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Auxiliary Verbs

An auxiliary (also called helping) verb serves to give additional meaning to the main or lexical verb following it.

If you are doing things correctly, every clause you use has a verb. That clause MUST have a lexical verb and it MAY have one or more auxiliary verbs.

  1. Seiji enjoys Legos. — One lexical verb; no auxiliary verb.
  2. Seiji has enjoyed Legos.— One lexical verb; one auxiliary verb.
  3. Seiji has been enjoying Legos.— One lexical verb; two auxiliary verbs.

[In the following examples, the auxiliary verb is underlined and the lexical verb is bold.]

Common Auxiliary Verbs

TO BE: is, am, are, was, were, been

Some verbs, such as TO BE, can act either as auxiliary or lexical verbs,

  1. Brett is walking to school.
  2. Brett is a student.

In the case of TO BE, it is sometimes hard to determine whether it is auxiliary or not.

    • The cocktail was chilled.
    1. This sentence could mean that someone chilled the cocktail, so WAS would be an auxiliary verb to the lexical verb CHILLED. (It is worth noting, that if this is the meaning. then the sentence has been constructed in passive voice, which is in general a weaker construction.
    1. This sentence could also mean that the cocktail was cold, in which case WAS is a linking verb.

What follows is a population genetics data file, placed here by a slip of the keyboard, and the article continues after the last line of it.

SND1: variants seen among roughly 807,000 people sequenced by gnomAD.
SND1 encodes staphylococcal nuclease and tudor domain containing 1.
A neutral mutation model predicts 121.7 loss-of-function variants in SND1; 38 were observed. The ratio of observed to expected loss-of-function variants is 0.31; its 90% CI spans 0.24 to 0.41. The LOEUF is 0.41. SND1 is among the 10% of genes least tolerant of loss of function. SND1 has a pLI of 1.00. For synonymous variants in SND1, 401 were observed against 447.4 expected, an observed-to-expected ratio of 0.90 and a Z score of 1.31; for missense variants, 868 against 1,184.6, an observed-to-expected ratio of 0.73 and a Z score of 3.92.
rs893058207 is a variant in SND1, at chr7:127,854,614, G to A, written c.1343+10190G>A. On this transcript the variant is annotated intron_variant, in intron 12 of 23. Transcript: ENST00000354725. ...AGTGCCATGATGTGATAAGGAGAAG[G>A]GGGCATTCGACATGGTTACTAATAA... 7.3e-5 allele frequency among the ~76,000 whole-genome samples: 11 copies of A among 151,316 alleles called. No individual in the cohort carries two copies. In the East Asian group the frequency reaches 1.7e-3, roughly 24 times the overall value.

1. The commission is using stocks to purchase development rights.
  2. The agencies are restricting logging and road building in the forests.
  3. Brill was lagging in the polls behind Richards.
  4. The agencies were completing the inventories.
  5. Moskowitz has been offered a similar project.
    1. Passive voice. Better written as SOMEONE offered Moskowitz...

TO DO: do, did, does

  1. Volunteers do spend their weekends mapping the nation's forests.
  2. Clinton did agree to ban logging on 40 million acres.
  3. Time does run out for these wild lands.

TO HAVE: has, had, have

TO HAVE is another one of those verbs that can be auxiliary or lexical.

  1. She has played softball for years.
  2. She has a softball in her backpack.

Unlike TO BE, it is rarely hard to determine whether it is auxiliary or not.

  1. Brent has planned this party down to the last detail.
  2. The governor had exhausted all of the options.
  3. Someone should have predicted these complications.

SHALL, WILL, MAY, CAN, SHOULD, COULD, WOULD

  1. This portion will not be eligible for protection under the 1964 Wilderness Act.
  2. The Clinton Administration may try to make the most of public support for preserving open space.
  3. Only Congress can formally protect lands under the Wilderness Act.
  4. They should limit its real estate holdings.
  5. Preservation could become one of Clinton's most significant accomplishments.
  6. The legislation would provide guaranteed funding.

Identifying the various configurations that make up a complete verb helps in understanding the type of verb being used. Once again, this is not because writers necessarily need to remember the specific type of verb they are using, but because using a verb properly with the correct modifiers strengthens anyone's writing.

Every verb has a lexical verb. Read more...